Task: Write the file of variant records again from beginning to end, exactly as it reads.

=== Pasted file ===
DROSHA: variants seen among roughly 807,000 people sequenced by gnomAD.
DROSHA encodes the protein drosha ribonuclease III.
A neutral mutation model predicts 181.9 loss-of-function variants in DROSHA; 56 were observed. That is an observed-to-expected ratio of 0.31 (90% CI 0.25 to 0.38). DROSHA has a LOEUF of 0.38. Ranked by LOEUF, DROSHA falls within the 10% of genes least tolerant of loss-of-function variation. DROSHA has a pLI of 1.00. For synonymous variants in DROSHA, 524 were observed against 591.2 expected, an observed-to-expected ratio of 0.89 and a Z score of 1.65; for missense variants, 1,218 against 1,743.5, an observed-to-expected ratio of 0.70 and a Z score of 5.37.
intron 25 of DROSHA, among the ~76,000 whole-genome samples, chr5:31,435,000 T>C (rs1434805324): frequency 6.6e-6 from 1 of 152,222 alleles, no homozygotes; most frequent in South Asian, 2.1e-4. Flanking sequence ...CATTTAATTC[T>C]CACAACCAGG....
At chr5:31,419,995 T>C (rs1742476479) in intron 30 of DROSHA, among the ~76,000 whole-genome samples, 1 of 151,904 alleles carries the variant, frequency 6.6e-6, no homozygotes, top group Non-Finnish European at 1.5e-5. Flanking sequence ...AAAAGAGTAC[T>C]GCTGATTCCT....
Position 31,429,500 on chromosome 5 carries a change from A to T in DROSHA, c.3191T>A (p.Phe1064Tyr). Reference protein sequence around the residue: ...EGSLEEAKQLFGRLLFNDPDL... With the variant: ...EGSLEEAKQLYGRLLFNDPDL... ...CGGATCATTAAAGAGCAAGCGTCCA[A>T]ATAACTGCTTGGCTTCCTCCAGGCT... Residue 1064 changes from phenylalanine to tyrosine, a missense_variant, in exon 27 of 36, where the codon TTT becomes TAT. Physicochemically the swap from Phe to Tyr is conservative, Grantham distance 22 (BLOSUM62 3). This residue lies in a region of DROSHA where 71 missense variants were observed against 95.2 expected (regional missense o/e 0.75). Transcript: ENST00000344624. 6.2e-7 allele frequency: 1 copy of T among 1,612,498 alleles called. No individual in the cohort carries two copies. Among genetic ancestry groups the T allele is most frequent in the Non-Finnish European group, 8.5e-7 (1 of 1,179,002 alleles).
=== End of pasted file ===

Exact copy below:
DROSHA: variants seen among roughly 807,000 people sequenced by gnomAD.
DROSHA encodes the protein drosha ribonuclease III.
A neutral mutation model predicts 181.9 loss-of-function variants in DROSHA; 56 were observed. That is an observed-to-expected ratio of 0.31 (90% CI 0.25 to 0.38). DROSHA has a LOEUF of 0.38. Ranked by LOEUF, DROSHA falls within the 10% of genes least tolerant of loss-of-function variation. DROSHA has a pLI of 1.00. For synonymous variants in DROSHA, 524 were observed against 591.2 expected, an observed-to-expected ratio of 0.89 and a Z score of 1.65; for missense variants, 1,218 against 1,743.5, an observed-to-expected ratio of 0.70 and a Z score of 5.37.
intron 25 of DROSHA, among the ~76,000 whole-genome samples, chr5:31,435,000 T>C (rs1434805324): frequency 6.6e-6 from 1 of 152,222 alleles, no homozygotes; most frequent in South Asian, 2.1e-4. Flanking sequence ...CATTTAATTC[T>C]CACAACCAGG....
At chr5:31,419,995 T>C (rs1742476479) in intron 30 of DROSHA, among the ~76,000 whole-genome samples, 1 of 151,904 alleles carries the variant, frequency 6.6e-6, no homozygotes, top group Non-Finnish European at 1.5e-5. Flanking sequence ...AAAAGAGTAC[T>C]GCTGATTCCT....
Position 31,429,500 on chromosome 5 carries a change from A to T in DROSHA, c.3191T>A (p.Phe1064Tyr). Reference protein sequence around the residue: ...EGSLEEAKQLFGRLLFNDPDL... With the variant: ...EGSLEEAKQLYGRLLFNDPDL... ...CGGATCATTAAAGAGCAAGCGTCCA[A>T]ATAACTGCTTGGCTTCCTCCAGGCT... Residue 1064 changes from phenylalanine to tyrosine, a missense_variant, in exon 27 of 36, where the codon TTT becomes TAT. Physicochemically the swap from Phe to Tyr is conservative, Grantham distance 22 (BLOSUM62 3). This residue lies in a region of DROSHA where 71 missense variants were observed against 95.2 expected (regional missense o/e 0.75). Transcript: ENST00000344624. 6.2e-7 allele frequency: 1 copy of T among 1,612,498 alleles called. No individual in the cohort carries two copies. Among genetic ancestry groups the T allele is most frequent in the Non-Finnish European group, 8.5e-7 (1 of 1,179,002 alleles).